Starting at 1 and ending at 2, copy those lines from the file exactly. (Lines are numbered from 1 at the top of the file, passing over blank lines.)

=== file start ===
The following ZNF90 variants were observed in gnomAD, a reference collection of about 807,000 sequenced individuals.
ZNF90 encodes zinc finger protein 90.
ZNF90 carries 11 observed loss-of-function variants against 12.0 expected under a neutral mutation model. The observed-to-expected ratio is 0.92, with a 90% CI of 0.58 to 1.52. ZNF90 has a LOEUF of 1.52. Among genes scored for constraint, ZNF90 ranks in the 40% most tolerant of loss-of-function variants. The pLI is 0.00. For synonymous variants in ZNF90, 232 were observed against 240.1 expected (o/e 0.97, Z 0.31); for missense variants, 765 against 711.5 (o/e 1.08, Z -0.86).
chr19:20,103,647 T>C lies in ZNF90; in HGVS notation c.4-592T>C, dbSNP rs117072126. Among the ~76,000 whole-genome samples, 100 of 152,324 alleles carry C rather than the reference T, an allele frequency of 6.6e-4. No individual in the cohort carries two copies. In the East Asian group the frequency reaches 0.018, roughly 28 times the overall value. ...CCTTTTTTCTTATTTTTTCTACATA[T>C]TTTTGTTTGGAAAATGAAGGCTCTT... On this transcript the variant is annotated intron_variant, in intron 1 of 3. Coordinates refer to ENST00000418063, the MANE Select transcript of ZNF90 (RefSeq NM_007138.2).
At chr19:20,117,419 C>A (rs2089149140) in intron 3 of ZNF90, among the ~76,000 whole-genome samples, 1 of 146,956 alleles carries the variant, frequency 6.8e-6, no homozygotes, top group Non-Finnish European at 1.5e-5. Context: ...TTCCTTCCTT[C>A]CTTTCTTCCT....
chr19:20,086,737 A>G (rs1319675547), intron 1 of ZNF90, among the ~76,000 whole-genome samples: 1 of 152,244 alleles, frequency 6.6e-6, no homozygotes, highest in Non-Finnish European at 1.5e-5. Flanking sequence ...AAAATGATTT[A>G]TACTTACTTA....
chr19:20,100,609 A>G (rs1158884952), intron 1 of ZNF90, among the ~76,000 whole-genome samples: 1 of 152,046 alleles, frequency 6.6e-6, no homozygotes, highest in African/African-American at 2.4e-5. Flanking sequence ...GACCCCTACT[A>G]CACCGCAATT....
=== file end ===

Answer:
The following ZNF90 variants were observed in gnomAD, a reference collection of about 807,000 sequenced individuals.
ZNF90 encodes zinc finger protein 90.